Thursday, 12 May 2016

Cesare Lombroso: The father of modern criminology

I don’t recall how I got to reading about Cesare Lombroso, but last night I found out about him for the first time.
 If you regularly read this blog (Although I’m pretty sure people just stumble here by accident looking for a specific case and never return) you might have seen my posts on the moulage work of Joseph Towne and Gaetano Zumbo. I’m obsessed with moulage art, which is strange; because I usually dislike anything disease related.
I think Towne’swork had a sort of beauty to it, though, and then on the opposite end of the scale Zumbo's work sometimes looks like 3D Cannibal Corpse album covers.

Anyway! It’s a possibility that I found Lombroso through the photographs of the museum in Italy that houses all of his work. He was basically the pioneer of criminology. His theories and ideas might seem a little off the wall to us now with the hindsight of modern criminology, but it shows a definite shift and progress in the scientific study of the human mind.

Honestly, I have missed out so much in this post, there is so much more to these studies but I thought I'd add some links at the end if you're interested in further reading.

Italian born Cesare Lombroso, often referred to as “The father of modern criminology” believed that criminals could be identified by certain physical traits and characteristics.
Rejecting the commonly taught puritanical idea of the time, that the desire to commit criminal offenses was intrinsically human and all humans simply “sin”, Lombroso believed that it could be a physiological, that criminals could be “born that way” and that it was detectable by science and anthropometric (measurement of the human body) examination.

Crooked or hooked noses, small skulls, left handedness, protruding jaws, dark hair, shortness, lack of facial symmetry and disproportionate limbs were all features that could lead Lombroso to conclude someone a candidate for criminality. He analyzed the appearance of certain offenders with a classic literary villain descriptions such as shifty eyed robbers and emotionless dead eyed killers and so on. He believed that they were not completely evolved from early man, and thus held on to their primitive savageness. This was his theory of atavism.

Lombroso stood by his theory that certain features were an indication of one’s desire or capacity to commit criminal acts. He studied this both through looking at photographs of criminals, and through phrenology- the measurement the distance between features on the face, such as the space between eyebrows, the size and length of the nose, the closeness or distance between the eyes, the length of the jaw and so on. He also conducted postmortem examinations of skulls, from a large pool of individuals considered both “normal” as well as what was referred to as mentally ill or criminal at the time.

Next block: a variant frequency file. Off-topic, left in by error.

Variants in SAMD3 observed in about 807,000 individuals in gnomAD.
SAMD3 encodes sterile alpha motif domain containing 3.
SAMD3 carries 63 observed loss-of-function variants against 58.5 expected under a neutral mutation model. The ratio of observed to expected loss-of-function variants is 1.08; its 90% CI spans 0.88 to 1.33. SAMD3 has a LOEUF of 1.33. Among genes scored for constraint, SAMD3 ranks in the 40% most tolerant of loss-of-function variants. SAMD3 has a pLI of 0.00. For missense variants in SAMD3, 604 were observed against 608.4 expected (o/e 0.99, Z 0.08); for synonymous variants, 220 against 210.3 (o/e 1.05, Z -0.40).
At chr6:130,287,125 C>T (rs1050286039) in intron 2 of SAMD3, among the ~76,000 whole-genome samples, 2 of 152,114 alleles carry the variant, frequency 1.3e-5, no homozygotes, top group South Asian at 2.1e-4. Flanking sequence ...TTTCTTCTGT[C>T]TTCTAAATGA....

(image: wikipedia)

From these studies, he concluded that a common physical anomaly found in all criminals was what he called the median occipital fossa – a malformed or depressed area found back and central on the occipital bone of the skull. 

However he neglected to keep thorough statistical records of his examinations and it is thought that he did not have enough evidence to back up his theory and had not explored all avenues of reason. 

Although phrenology is considered unsubstantiated and is now days known as a pseudoscience, Lombroso continued his research for many years, accumulating around 400 skulls in the process.

(Pic source: Youtube)

As outdated and outlandish as his theories seem in modern times, it was a far cry from the general belief that crime was simply a corruption of the devil.
 Lombroso’s studies open the doors to modern criminology and the scientific study of the causes of criminal behavior. 
Later, Sociological and Environmental Factors, which Lombroso neglected to add into the equation, would be explored and modern day criminology would be born.  

The Cesare Lombroso Handbook [X]
Ceaser Lombroso wikipedia [X]
Lombroso museum [X]
A short youtube video [X] [X]


British born Joseph Towne was a moulageur, stereoscopist and sculptor. He made models exclusively for Guy’s hospital in central London, and remained loyal to the hospital for as long as it remained open, with the exception of sculpting for some international clients in the USA and India. Towne was born in Hertfordshire, and spent two years an artist’s apprentice. His first major project was constructing a to-scale human skeleton using anatomy books as his reference. Having never seen an authentic human skeleton in his life, he traveled to London where there was a Society of Arts competition in progress. There, a doctor looked over Townes work and wrote him a note of approval. He came second in the competition, and was only 17 years of age at the time. The following year he took the number one spot with his anatomical wax model of a dissected head.(Click here<< to continue reading) 

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